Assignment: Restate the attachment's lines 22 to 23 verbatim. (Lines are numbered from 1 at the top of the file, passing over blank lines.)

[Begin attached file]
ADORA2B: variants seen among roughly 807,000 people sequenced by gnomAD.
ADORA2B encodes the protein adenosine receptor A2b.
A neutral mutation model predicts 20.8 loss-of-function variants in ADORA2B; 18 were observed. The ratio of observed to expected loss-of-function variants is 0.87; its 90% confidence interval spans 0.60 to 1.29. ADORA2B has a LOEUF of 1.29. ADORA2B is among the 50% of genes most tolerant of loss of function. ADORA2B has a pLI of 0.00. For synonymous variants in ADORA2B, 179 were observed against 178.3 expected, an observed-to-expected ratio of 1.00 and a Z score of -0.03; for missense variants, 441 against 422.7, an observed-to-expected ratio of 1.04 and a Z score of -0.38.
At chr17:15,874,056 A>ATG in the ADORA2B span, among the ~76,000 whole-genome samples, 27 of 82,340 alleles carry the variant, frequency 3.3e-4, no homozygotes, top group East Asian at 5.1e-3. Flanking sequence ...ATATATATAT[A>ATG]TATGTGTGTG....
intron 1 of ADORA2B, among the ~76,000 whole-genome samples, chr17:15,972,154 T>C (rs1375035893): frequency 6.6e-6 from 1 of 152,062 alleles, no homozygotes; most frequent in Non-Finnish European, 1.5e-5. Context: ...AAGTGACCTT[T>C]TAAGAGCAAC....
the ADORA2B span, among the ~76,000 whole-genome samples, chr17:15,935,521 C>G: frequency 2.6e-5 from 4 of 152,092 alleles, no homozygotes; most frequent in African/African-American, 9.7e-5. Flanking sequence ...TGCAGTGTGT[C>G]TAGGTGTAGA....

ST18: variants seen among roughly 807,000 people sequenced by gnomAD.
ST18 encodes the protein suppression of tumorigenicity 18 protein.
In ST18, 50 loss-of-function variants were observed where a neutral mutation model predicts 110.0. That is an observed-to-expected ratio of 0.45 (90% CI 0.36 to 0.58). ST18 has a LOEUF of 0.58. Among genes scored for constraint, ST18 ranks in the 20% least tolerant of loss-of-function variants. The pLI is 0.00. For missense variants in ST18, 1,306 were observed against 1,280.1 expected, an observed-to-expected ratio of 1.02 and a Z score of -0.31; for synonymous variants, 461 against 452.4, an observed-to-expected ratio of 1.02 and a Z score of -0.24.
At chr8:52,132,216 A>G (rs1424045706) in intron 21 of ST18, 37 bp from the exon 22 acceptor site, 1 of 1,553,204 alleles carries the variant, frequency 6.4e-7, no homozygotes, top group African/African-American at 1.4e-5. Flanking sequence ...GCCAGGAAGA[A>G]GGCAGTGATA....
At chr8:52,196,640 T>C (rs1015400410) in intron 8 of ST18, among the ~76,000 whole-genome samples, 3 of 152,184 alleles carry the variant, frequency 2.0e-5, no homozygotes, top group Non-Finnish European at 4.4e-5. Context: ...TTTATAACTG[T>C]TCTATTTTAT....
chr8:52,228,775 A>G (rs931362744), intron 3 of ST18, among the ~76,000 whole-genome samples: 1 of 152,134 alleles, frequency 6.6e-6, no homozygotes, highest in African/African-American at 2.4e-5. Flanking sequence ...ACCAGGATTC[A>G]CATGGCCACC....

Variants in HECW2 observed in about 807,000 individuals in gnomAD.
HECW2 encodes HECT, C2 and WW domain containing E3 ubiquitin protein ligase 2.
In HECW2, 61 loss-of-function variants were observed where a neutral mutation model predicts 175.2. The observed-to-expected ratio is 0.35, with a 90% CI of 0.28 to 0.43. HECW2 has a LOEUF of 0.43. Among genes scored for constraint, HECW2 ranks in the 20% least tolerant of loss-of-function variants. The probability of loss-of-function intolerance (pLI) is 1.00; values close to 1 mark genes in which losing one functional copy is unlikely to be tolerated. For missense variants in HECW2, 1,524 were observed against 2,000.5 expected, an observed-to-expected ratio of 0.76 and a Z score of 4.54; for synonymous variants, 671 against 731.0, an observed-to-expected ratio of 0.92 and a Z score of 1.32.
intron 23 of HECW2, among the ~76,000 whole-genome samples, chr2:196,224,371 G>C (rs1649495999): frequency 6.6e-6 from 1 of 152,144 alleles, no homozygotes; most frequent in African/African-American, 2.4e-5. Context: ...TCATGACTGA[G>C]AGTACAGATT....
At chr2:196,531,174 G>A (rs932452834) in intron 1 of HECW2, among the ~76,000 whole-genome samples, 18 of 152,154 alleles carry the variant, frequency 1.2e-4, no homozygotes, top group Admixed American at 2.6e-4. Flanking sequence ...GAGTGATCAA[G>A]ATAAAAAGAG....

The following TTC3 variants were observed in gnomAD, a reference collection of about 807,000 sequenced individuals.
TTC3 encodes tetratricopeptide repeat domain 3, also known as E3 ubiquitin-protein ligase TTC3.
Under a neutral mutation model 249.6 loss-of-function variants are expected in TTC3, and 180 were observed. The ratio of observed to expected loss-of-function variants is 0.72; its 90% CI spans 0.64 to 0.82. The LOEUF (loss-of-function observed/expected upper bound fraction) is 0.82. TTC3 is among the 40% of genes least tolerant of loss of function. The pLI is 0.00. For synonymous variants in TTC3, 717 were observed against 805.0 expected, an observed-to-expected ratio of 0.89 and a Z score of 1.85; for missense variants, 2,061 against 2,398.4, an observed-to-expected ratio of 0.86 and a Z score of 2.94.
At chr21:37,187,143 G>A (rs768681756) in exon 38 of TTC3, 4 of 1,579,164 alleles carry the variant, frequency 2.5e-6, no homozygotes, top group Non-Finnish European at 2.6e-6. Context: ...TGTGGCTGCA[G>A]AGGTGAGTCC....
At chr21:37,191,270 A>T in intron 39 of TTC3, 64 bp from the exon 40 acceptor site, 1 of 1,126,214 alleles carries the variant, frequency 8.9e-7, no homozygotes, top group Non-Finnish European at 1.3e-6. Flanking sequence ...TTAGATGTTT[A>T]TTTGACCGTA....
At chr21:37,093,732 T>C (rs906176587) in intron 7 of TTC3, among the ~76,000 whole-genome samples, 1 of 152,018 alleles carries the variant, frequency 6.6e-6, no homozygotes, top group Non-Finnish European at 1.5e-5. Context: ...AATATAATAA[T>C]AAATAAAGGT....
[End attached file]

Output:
At chr21:37,191,270 A>T in intron 39 of TTC3, 64 bp from the exon 40 acceptor site, 1 of 1,126,214 alleles carries the variant, frequency 8.9e-7, no homozygotes, top group Non-Finnish European at 1.3e-6. Flanking sequence ...TTAGATGTTT[A>T]TTTGACCGTA....
At chr21:37,093,732 T>C (rs906176587) in intron 7 of TTC3, among the ~76,000 whole-genome samples, 1 of 152,018 alleles carries the variant, frequency 6.6e-6, no homozygotes, top group Non-Finnish European at 1.5e-5. Context: ...AATATAATAA[T>C]AAATAAAGGT....